The Power of Spring Faith

Photo by Javarh from

Spring is prime time for people of three major faith traditions – Muslims, Jews, and Christians. This week’s post explores my recent experience of Easter as a Christian in the larger context of these three faith traditions.

This Easter was a challenging one for me in several ways. The Christian tradition encourages attention to fasting, prayer and almsgiving during Lent, the 40 days that prepare for Easter. Easter has more meaning for me when I pay attention to the invitations of Lent and adapt my practices to positive and prayerful areas. This year I turned to self-care, kindness to others, and quieting the voice of my inner critic. I took a deeper look at loving and what blocks it. Easter had more meaning because of this work during Lent, especially because of participating with my faith community in the lessons of Holy Thursday and Good Friday.

I have from time to time struggled with the question of why God allows pain and suffering in the world.  I revisited that question this year from a slightly different angle. I was part of two discussions about why a loving God would request human sacrifices. In the Old Testament Yahweh asks Abraham to offer his son Isaac as a sacrifice. At the last minute, Yahweh, moved by Abraham’s faith and willingness to make this inconceivable sacrifice of his son, relents and an animal is sacrificed.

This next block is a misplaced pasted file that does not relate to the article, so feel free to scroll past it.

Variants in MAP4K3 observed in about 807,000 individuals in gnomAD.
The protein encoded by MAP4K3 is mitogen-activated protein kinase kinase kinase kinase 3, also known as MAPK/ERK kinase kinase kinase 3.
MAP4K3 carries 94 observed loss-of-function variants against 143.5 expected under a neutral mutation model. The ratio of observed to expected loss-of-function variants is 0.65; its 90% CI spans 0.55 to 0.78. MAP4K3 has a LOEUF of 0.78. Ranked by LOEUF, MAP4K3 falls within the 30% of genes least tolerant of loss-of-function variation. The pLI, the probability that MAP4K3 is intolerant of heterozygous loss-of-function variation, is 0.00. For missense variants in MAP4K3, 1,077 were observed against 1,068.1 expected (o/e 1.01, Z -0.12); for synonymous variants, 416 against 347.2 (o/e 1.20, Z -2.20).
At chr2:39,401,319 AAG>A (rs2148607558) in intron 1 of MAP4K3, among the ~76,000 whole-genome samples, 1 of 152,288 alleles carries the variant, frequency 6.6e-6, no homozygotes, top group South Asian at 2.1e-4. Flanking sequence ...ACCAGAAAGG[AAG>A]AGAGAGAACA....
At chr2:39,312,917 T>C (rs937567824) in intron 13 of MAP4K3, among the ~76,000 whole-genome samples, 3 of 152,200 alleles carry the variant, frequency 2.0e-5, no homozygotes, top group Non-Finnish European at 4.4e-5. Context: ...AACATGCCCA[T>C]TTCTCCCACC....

In the New Testament, God asks for Jesus to die on a cross, tortured and ridiculed. Jesus agonizes over this assignment to die for humankind, asking that, if it is possible, this not be necessary. And then, he too makes a leap of faith and says “Thy will be done”. For Christians, the story does not end with Jesus’ death on the cross. He rises from the dead, appears to his disciples, and then encourages them to proclaim this story to all.